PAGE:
Chinese presence in Balochistan

On September 7, Aslam Bhootani, lawmaker from Balochistan, decried “ongoing exploitation” by the Chinese companies working on various power projects in Balochistan, accusing them of destroying environment and marine life, besides denying jobs to locals. Bhootani charged that “No doubt, China is our friend and helped us on numerous occasions. We have no complaints against China. But the Chinese companies are playing havoc in the area,” he affirmed, asking the government to “rein in the companies”. Bhootani also asserted that it seemed those companies considered themselves not answerable to anyone as they had been operating under the protection of Pakistani Army. According to him, the Chinese companies, which had set up a coal plant at Lasbela, were destroying the marine life, and ending the livelihoods of local fishermen.

Pakistani army and the central government are controlling the region of Balochistan with an iron fist and exploiting its precious resources. Now, the area is open to China for exploitation with the China-Pakistan Economic Corridor (CPEC) deal and ongoing projects.

The acquisition of Gwadar port, exclusion of Baloch firms and labour from Gwadar and associated CPEC projects, exclusion of native fishermen and destruction of natural ambience have intensified pre-existing feelings of regionalism in Balochistan, with Baloch nationalist forces either wholly rejecting the project or voicing for greater share in them. The Chinese projects are apparently causing dislocation of Balochi people from their settlements. For instance, fishermen living in some of the oldest neighborhoods of Gwadar for centuries are now rehabilitated to the north of Gwadar, Noken Mullah Band. Many view this as a plan to coerce locals to leave the area.

On February 5, 2022, Imran Khan and Premier Li Keqiang signed an agreement to implement the second phase of CPEC, which is expected to link Xinjiang, the region in the far west of China, with the port of Gwadar in Balochistan. Before Imran Khan flew to China, the Majeed Brigade of the Baloch Liberation Army (BLA) carried out two attacks against the operational centres of the local security forces in the districts of Noshki and Panjgur. In July, 2022, Dr Allah Nazar Baloch, the chief of the Balochistan Liberation Front (BLF) in a video message urged China to stop CPEC projects in Balochistan as it has forcibly displaced lakhs of indigenous people and destroyed their properties. He stated, “I, on behalf of the Baloch nation, want to tell China that you should avoid being a partner of our occupier (Pakistan)…As you have gone through a similar movement and revolutionary process, I want to tell the communist party, in Balochistan, in the name of CPEC you are expelling the Baloch nation, you are banishing Baloch from their native land, you are destroying the properties of the Baloch nation”.

Earlier in April 2021, a suicide bomber blew himself up outside the luxurious Serena Hotel, in Quetta, capital of Balochistan, killing at least 4 people and wounding 12. The Chinese Ambassador to Pakistan, Nong Rong, had checked-in to the hotel and was the presumed target, although he was not in the building at the time of the explosion.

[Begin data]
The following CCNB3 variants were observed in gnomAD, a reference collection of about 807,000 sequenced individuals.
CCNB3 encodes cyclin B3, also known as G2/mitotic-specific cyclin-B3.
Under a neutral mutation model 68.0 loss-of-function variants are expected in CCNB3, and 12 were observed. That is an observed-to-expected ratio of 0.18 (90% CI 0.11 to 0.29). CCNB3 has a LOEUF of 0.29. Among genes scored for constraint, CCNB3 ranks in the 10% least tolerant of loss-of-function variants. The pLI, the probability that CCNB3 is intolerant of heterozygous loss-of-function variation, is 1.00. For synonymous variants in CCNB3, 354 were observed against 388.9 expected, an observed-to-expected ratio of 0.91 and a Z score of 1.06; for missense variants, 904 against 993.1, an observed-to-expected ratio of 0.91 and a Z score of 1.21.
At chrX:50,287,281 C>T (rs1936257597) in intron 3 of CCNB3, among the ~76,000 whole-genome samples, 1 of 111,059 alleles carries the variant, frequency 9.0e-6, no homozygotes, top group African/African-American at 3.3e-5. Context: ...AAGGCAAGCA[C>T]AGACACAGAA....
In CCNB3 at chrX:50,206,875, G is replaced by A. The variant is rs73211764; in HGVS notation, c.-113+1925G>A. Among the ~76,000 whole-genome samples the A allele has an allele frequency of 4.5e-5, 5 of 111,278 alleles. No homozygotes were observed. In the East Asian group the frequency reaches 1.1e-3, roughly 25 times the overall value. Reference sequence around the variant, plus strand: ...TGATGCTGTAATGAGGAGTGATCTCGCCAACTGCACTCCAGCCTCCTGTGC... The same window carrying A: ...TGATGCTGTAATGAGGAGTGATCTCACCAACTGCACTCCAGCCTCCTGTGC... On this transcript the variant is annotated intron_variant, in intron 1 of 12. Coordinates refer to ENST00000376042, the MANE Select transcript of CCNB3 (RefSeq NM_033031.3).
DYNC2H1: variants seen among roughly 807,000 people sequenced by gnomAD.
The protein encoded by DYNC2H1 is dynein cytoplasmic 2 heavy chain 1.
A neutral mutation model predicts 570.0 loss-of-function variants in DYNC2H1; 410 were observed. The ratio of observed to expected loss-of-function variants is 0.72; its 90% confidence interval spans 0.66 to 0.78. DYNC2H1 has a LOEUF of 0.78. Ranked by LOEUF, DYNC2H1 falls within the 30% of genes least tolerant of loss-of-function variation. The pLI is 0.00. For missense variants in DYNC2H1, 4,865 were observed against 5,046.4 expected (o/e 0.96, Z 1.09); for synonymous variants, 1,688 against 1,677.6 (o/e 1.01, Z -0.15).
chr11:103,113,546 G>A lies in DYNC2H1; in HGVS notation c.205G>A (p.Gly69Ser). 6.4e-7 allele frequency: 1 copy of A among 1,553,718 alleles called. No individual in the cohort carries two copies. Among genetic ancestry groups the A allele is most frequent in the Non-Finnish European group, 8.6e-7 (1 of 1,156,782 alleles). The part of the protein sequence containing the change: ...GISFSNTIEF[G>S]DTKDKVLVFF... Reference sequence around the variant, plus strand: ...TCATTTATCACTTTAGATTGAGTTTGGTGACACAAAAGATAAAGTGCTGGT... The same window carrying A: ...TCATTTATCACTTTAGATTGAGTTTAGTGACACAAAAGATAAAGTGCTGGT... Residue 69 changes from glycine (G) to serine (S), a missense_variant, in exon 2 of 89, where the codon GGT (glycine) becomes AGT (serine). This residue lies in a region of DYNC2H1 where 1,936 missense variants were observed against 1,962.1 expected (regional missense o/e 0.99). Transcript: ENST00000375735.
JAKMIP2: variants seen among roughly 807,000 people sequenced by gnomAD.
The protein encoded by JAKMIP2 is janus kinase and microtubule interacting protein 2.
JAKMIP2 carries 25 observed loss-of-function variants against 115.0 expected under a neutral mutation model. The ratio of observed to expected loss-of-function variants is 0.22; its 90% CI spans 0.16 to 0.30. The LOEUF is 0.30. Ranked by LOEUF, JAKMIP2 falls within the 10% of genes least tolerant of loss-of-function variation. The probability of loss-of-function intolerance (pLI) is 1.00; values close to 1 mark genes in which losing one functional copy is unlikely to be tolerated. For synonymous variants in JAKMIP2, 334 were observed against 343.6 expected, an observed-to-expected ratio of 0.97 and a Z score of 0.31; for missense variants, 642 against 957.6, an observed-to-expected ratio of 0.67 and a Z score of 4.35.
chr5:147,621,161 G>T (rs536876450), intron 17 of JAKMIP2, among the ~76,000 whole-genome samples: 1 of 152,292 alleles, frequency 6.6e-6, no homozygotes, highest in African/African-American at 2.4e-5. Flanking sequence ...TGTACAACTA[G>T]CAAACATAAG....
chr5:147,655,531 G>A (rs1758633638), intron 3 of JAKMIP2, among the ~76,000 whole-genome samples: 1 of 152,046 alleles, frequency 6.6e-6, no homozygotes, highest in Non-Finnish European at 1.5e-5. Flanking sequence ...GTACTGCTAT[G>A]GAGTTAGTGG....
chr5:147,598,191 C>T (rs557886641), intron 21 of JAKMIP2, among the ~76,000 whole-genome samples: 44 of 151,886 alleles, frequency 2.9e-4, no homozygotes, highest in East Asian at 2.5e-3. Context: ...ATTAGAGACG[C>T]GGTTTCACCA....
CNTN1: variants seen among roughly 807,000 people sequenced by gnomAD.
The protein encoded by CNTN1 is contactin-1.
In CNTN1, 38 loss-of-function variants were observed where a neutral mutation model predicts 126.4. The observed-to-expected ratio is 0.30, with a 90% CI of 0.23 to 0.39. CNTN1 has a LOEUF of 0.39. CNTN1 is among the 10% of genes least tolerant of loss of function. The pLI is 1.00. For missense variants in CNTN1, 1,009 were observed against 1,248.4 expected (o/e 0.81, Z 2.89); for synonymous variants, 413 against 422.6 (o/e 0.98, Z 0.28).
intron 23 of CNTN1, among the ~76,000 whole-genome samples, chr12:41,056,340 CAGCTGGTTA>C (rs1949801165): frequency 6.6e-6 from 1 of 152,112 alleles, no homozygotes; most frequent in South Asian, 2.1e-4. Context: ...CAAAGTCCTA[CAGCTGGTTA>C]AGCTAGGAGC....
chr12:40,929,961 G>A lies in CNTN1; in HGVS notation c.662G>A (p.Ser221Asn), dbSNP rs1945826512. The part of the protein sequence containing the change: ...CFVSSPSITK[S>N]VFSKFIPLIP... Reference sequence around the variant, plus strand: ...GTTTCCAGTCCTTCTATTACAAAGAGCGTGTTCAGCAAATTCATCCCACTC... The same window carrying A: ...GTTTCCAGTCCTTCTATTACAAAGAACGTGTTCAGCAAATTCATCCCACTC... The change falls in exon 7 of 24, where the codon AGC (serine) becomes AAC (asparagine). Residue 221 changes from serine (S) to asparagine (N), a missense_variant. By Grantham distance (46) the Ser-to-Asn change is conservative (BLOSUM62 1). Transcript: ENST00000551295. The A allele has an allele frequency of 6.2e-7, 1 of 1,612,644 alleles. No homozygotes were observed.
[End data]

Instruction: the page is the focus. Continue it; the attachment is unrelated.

Nevertheless, the number of Chinese stakeholders investing in Balochistan has grown steadily over the past two decades. A Chinese state-owned company built, and now operates, Balochistan’s strategically located Gwadar port, which some argue holds the key to China’s energy supremacy. The Arabian Sea port is the centre of the US$62 billion CPEC, mostly coined as the ‘game-changer’ project in China’s Belt & Road Initiative- BRI, allowing it a gateway between Western China and the Indian Ocean. Other projects as part of a mega development under the CPEC are also being funded by China in Balochistan.

Locals accuse Beijing of stealing Balochistan’s mineral resources. Saindak copper-gold mine, located near Saindak in Chagai district, has been cleared for a lease running till 2035. On the other hand, Chinese company, MCC Resources Development Company has been given the task of mining. Explaining the sorry situation, Senator Akram Baloch said that to appease China, Pakistan is giving contracts to Beijing without taking the Baloch people into confidence. Despite Chinese investments, Balochistan remains extremely poor with no proper health facilities, education, and housing, or even clean drinking water. He further noted that “the alleged plundering of resources will further stoke anti-Chinese feelings in the province. In addition, experts believe the Saindak mine has approximately 412 million tons of copper and gold reserves.

Amidst all the disorder and conflict, in a strategic move, China recently attempted to talk directly with ethnic Baloch parliamentarians to address their concerns, bypassing Pakistani authorities. In August, 2022, the Chinese envoy to Pakistan, Nong Rong, held a series of one-to-one meetings in Islamabad with politicians from Balochistan to discuss Baloch nationalists’ grievances with China. “What I observed from my conversation with Mr. Nong, I felt Beijing has realized the scale and sensitivity of the conflict in Balochistan,” said a Baloch politician who met the Chinese ambassador.

Chinese presence and dominance in the region appears to be alienating the locals in Balochistan and instigating them to attack Chinese installations.






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